Using my modernized Apple Extended keyboards, one at work and one at home, I set out to convert my brain to Dvorak again. I made dilligent use of typing tutors catered to dvorak, and could easily switch back to qwerty if someone needed to use my station or if my workload got too heavy for my dvorak speed to keep up. Also it helped to have the layout printed on a sheet and hung on my cubicle wall behind my monitor. I’d gotten used to not looking down at my keys to see which was which, but having a referenc for their position(when learning) was very useful.

This time the dvorak conversion stuck. I can type qwerty when i need to, but for the most part I don’t. I know the studies done on the layout fail scientific standards, but anecdotally, I find it to be more comfortable. I’ve written a quarter-million words worth of novellas at this point, and I prefer this layout.

Some time later, I happened upon a new product being offered by massdrop. A two-part keyboard with a thumb cluster, not just a simple spacebar, or split pair of spacebars. The ergodox infinity, solder-it-yourself kit, all parts included. The price point was probably too high, but I ordered one for me and for my wife(for her birthday). Sadly this was not done like most drops, and in fact acted more like a Kickstarter. They took 13 months to deliver the kits, so my wife got hers on her NEXT birthday. She ended up not liking the keyboard, despit setting it up for her as simply as possible. The altered positions gave her too much difficulty so I ended up with two of these split keyboard pairs.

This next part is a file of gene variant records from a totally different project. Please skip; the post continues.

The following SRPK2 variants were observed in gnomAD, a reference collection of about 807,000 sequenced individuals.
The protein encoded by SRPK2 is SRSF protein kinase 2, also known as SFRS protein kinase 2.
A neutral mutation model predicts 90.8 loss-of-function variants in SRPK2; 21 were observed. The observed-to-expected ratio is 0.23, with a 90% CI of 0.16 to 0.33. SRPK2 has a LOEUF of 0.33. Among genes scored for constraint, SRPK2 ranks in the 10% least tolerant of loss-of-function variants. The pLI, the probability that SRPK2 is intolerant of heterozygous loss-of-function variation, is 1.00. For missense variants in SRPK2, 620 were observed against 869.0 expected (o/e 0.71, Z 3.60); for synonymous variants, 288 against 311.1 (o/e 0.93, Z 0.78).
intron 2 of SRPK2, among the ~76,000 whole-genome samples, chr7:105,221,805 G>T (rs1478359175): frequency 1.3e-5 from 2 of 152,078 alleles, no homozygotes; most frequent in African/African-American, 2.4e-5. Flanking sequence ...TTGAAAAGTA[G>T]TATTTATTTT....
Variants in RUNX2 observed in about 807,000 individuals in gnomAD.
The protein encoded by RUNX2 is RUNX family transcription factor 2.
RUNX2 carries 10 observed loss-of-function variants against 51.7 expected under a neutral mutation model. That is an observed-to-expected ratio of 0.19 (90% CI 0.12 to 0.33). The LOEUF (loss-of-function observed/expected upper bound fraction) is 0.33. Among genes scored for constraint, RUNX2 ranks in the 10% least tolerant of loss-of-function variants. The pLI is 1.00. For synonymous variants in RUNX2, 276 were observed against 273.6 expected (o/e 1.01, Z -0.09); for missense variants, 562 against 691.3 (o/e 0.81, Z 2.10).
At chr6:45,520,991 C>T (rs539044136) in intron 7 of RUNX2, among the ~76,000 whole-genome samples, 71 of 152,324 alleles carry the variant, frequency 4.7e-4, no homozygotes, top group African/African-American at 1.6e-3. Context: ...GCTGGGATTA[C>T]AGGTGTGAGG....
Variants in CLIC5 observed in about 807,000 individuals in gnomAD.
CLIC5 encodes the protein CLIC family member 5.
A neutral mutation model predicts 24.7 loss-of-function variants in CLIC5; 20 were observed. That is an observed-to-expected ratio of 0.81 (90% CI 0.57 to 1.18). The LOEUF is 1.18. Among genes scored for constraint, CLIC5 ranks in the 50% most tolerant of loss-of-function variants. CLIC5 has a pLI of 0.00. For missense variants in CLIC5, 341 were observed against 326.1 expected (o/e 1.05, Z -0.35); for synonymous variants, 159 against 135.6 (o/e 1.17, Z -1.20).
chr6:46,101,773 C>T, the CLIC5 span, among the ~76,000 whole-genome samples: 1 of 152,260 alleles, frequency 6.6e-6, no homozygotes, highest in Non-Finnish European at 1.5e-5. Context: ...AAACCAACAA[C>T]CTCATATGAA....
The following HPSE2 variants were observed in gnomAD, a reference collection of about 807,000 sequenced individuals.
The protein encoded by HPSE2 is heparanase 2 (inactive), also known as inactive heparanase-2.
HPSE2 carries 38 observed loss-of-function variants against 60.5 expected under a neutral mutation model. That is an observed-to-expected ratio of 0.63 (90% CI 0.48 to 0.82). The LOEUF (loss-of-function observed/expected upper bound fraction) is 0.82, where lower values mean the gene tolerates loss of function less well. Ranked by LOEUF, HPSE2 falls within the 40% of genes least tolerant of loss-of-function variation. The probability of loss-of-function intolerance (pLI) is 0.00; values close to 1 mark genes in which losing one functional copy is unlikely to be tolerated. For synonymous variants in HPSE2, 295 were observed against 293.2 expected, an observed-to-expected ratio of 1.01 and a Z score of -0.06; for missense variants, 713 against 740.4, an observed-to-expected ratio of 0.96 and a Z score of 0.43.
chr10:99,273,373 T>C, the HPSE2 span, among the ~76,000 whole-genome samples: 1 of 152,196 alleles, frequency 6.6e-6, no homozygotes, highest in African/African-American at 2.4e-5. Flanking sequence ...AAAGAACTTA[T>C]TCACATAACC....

I, on the other hand, took to the ergodox like a fish to water. The keys are column-aligned not row-aligned like every consumer-grade keyboard, taking away another source of strain on my hands. I no longer had to bring my arms together, rotate my wrist, and tilt my hand sideways to type. I experimented with several different angles at which to hold up the ergodox boards, and settled on 75 degrees from horizontal. THis enables me to slide in between them and sit down, as they’re mounted to the arms of my current gaming chair. At work they are spaced far apart that I could set my laptop in between them to save space on my desk.
I have layers for function keys(there are actually 24 in ASCII) qwerty, dvoark, extende ascii symbols, the command-shifted layer, and even a stenography mode. That took a bit of work, and I had some help from a very clever guy. I was interested in steno because no amount of practice at one-letter-at-a-time is going to beat chords in a speed test. But the time cost to get proficient in steno is about 2 years at an hour/day of practice. And the tutor program I was using is not able to teach 2-chord words, so I kind of got stuck. Also in 2 years voice interpretation is going to be as good at making text as I’d be at steno, so I decided its better to spend the time on something else.

And that is the story of my keyboards. A series of events trying to solve wild and varied problems around ergonomics led to the result of me being a keyboard enthusiast. I have a sample set of the different kinds of keyboard switches, I can set up different animation patterns for the backlights, and I can implement a new layout for my keyboard, though at present I can’t think of another one I might need.

I have an idea to build a non-flat keyboard, as that is probably the next step in this evolution. Most designs can be 3d-printed, but the parts cost and time required to wire individual switches into a matrix are prohibiting factors at the moment. Also I wouldn’t be able to sit back in between them in my home computer sim rig thing. And I’d need to build 2 to have the same at work and home.